Top 10 Ways to Tell If You are a Mysophobe (Germaphobe)Germaphobia. Mysophobia. Whatever the moniker, it is a fear that contains many divided views. It may seem a sign of paranoia or annoyance, maybe an eccentricity. But to some, it is a symbol of alertness, difference, and (above all) good rules of hygiene. This begs the question: how can you tell if you're a mysophobe?
The scenario: you're leaving the house and, right as you get in your car and start the engine, you realize you've forgotten that little packet of sanitizing wipes or the bottle of hand sanitizer! It is your only chance of salvation away from home, and you thus treat such items like gold.
Once inside, they go straight to that shoe shelf in the garage (or somewhere similar) -- you can't stand the idea of tracking dirt or who knows what else inside your house, which is meant to be an area of calmness and unwinding from the day. You then mutter to yourself that at least you didn't have to spend the next hour or so mopping the floor.
You're right about this. But overall, it's prudent to be cautious because it is indeed a jungle out there (with props to Randy Newman), with new pathogens being imported through illegal immigration as well as common carrier air travel. Most people are totally clueless when it comes to practical protections against infection. Because of this, if God forbid we should be facing some lethal potential pandemic, we're toast.
It's the place you go to to get tested and checked for hosting any germs/pathogens, and yet also where you could catch many of those germs in the first place. You might try as best as you can to schedule every appointment as early as possible, so as to avoid contracting germs from a larger crowd.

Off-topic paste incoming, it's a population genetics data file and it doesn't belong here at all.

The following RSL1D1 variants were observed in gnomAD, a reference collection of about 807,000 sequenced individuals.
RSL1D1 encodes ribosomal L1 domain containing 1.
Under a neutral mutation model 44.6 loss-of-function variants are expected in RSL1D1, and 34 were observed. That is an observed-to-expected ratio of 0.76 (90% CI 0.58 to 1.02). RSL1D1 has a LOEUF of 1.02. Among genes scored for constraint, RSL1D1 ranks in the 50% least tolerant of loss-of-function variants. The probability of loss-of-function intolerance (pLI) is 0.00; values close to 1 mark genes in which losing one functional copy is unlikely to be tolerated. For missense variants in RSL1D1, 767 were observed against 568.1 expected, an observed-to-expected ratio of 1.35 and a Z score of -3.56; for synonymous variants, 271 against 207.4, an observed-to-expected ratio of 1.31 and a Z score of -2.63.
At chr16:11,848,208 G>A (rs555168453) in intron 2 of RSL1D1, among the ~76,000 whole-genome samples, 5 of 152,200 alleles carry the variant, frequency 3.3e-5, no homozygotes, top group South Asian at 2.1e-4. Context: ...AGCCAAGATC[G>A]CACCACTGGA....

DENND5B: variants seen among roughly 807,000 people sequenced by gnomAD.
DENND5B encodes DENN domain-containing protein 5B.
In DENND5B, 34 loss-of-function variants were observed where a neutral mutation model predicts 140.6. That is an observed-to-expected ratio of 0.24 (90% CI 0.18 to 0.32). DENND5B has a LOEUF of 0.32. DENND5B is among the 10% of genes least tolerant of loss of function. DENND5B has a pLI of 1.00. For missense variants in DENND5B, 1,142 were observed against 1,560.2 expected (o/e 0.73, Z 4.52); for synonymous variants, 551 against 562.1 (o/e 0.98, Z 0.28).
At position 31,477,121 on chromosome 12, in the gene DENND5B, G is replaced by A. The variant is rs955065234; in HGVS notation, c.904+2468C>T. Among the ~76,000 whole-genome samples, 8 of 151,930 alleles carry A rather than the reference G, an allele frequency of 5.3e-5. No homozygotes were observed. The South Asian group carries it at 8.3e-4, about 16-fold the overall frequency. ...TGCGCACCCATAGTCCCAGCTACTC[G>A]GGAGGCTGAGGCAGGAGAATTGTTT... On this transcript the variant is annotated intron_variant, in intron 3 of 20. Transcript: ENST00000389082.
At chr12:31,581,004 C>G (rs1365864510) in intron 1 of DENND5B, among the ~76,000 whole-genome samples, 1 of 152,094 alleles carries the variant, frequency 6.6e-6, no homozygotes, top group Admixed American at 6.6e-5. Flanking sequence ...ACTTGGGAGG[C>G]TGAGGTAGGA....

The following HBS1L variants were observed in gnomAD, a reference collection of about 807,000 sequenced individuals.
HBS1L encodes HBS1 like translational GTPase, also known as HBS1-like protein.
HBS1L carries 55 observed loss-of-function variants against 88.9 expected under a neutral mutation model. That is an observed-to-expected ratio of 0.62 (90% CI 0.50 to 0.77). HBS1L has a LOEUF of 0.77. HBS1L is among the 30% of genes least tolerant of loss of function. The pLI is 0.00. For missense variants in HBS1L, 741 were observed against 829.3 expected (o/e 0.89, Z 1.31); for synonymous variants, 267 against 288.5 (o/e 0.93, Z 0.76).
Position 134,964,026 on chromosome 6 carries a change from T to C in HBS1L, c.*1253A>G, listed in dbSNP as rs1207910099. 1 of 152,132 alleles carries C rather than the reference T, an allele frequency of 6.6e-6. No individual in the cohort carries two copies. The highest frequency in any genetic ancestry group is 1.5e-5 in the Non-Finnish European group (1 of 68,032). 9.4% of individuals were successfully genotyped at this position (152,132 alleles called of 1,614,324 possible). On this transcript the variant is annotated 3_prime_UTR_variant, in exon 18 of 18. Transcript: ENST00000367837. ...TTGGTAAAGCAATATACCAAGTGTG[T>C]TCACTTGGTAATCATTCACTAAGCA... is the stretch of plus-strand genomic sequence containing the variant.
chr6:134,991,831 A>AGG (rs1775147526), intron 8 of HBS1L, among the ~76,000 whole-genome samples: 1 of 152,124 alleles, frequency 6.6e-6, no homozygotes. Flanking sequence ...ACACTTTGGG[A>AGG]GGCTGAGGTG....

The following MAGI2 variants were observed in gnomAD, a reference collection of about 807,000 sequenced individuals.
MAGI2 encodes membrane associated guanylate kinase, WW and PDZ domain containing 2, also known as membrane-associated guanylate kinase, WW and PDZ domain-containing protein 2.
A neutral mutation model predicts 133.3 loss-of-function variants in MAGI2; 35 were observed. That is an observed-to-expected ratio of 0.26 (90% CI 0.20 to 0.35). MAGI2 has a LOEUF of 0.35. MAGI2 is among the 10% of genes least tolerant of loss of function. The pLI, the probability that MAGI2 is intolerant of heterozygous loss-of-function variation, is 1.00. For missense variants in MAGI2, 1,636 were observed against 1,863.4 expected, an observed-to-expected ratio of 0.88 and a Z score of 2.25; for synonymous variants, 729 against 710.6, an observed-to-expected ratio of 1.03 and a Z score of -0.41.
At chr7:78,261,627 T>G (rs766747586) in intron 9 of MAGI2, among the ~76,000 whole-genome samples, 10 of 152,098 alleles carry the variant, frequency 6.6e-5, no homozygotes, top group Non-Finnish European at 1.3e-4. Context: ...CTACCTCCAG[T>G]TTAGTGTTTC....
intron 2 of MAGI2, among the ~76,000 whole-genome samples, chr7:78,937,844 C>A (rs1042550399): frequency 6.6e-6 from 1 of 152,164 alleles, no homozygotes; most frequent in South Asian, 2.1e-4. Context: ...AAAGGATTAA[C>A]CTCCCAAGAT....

You wince, unable to keep yourself from thinking: why in the world couldn't they have at least covered their nose?! Due to a heightened alertness, you might also be that one person who can distinguish the cough of a sick person from that of someone who's just choking -- and yet regard the worse more often, just to be safe.
It's like going into a zone that's been quarantined for radiation. You are completely unnerved by the smell as you start to comprehend how many people have been in there. As you spend the first couple of minutes lining the toilet seat with tissue, you wish that you'd invested in a gas mask just for these kinds of trips.
Guess I'm a germaphobe then.
Finally, the one person who you are absolutely free to complain to about how ridiculous it is that the supermarket did not have any antibacterial hand soaps, along with the long list of unusual things that you have noticed being mysophobic. Not to mention, you don't quite feel like the odd one out as much anymore.
Two words: flu season. Whatever you can do to delay that appointment until springtime -- to avoid the echoes of throaty coughs and spreading germs -- you will be sure to do it. And if it's not a changeable date, you arm yourself with sanitizing packets and bottles as though a soldier going into battle.
Your speculation might not actually be the case, but you can't help but wonder whilst conversing with someone. It's almost like you've mentally become Sherlock Holmes: pondering the origins of that hair strand atop the left shoulder, observing the state of those slightly scuffed-up shoes. It's a quirkiness that acts almost like a conscience.
You've worked so hard to avoid falling prey to those irksome germs -- adopting a cautious demeanor whenever your health is jeopardized -- yet somehow it's all been undone. With every passing day, your mental questionnaires on what could have gone wrong also become more frequent.
Family or friends, you address everyone else's saliva equally -- by avoiding it. Maybe someone at the table wanted a sip of that tea you're drinking, or just a bite of that freshly cooked dinner sitting on your plate. As far as you're concerned, this is the time when sharing can be disregarded.